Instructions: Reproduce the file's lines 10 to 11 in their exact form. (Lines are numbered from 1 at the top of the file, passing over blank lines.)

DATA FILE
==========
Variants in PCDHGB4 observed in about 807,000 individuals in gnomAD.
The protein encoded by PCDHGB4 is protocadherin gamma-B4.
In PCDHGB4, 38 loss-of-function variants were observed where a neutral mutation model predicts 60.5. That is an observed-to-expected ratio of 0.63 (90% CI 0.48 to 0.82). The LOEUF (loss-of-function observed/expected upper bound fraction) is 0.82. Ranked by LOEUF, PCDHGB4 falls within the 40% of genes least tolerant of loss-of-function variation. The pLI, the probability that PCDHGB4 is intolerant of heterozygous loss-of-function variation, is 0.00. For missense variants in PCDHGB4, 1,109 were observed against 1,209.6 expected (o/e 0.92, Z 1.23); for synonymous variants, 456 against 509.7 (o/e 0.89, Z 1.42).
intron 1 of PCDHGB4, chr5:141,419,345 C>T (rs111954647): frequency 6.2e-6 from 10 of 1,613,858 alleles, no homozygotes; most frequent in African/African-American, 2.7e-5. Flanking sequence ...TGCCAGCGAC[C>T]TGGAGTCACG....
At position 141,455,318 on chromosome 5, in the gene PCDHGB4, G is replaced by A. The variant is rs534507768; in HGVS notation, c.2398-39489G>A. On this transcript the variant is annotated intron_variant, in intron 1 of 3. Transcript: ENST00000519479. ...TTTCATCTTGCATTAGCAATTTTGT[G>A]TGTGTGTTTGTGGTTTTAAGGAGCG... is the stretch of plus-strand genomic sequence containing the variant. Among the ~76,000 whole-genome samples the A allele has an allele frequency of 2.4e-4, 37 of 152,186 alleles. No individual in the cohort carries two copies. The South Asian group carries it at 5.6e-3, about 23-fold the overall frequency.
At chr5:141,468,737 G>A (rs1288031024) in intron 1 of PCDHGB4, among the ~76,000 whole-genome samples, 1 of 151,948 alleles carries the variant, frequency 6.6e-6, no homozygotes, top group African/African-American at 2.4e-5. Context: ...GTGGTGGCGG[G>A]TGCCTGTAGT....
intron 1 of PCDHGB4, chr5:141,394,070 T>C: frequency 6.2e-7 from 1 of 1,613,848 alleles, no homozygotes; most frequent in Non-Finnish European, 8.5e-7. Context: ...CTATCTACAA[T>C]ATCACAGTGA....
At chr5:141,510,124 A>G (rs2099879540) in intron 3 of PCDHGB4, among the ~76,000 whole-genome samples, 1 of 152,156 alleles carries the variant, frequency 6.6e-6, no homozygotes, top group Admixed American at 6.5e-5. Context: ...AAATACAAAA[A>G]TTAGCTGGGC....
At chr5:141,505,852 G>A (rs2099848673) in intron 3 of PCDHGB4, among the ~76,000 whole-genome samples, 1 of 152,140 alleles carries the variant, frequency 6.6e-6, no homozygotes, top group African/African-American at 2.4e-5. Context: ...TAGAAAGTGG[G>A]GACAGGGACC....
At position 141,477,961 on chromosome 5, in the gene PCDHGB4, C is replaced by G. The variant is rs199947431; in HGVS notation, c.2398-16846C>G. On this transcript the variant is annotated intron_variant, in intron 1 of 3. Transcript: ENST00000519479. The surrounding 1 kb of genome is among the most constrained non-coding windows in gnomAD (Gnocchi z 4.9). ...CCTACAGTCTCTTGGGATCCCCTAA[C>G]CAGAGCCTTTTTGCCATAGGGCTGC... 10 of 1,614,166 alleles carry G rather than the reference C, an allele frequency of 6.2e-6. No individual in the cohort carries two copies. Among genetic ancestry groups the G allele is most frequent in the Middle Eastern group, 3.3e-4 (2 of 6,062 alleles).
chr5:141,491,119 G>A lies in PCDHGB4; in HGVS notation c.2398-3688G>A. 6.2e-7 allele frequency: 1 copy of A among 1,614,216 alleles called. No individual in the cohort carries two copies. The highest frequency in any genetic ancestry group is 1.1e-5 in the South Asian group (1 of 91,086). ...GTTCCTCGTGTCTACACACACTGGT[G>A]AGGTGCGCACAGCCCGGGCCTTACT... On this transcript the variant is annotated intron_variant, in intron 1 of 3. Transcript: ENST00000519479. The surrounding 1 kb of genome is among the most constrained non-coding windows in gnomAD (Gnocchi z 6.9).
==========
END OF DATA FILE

At position 141,477,961 on chromosome 5, in the gene PCDHGB4, C is replaced by G. The variant is rs199947431; in HGVS notation, c.2398-16846C>G. On this transcript the variant is annotated intron_variant, in intron 1 of 3. Transcript: ENST00000519479. The surrounding 1 kb of genome is among the most constrained non-coding windows in gnomAD (Gnocchi z 4.9). ...CCTACAGTCTCTTGGGATCCCCTAA[C>G]CAGAGCCTTTTTGCCATAGGGCTGC... 10 of 1,614,166 alleles carry G rather than the reference C, an allele frequency of 6.2e-6. No individual in the cohort carries two copies. Among genetic ancestry groups the G allele is most frequent in the Middle Eastern group, 3.3e-4 (2 of 6,062 alleles).
chr5:141,491,119 G>A lies in PCDHGB4; in HGVS notation c.2398-3688G>A. 6.2e-7 allele frequency: 1 copy of A among 1,614,216 alleles called. No individual in the cohort carries two copies. The highest frequency in any genetic ancestry group is 1.1e-5 in the South Asian group (1 of 91,086). ...GTTCCTCGTGTCTACACACACTGGT[G>A]AGGTGCGCACAGCCCGGGCCTTACT... On this transcript the variant is annotated intron_variant, in intron 1 of 3. Transcript: ENST00000519479. The surrounding 1 kb of genome is among the most constrained non-coding windows in gnomAD (Gnocchi z 6.9).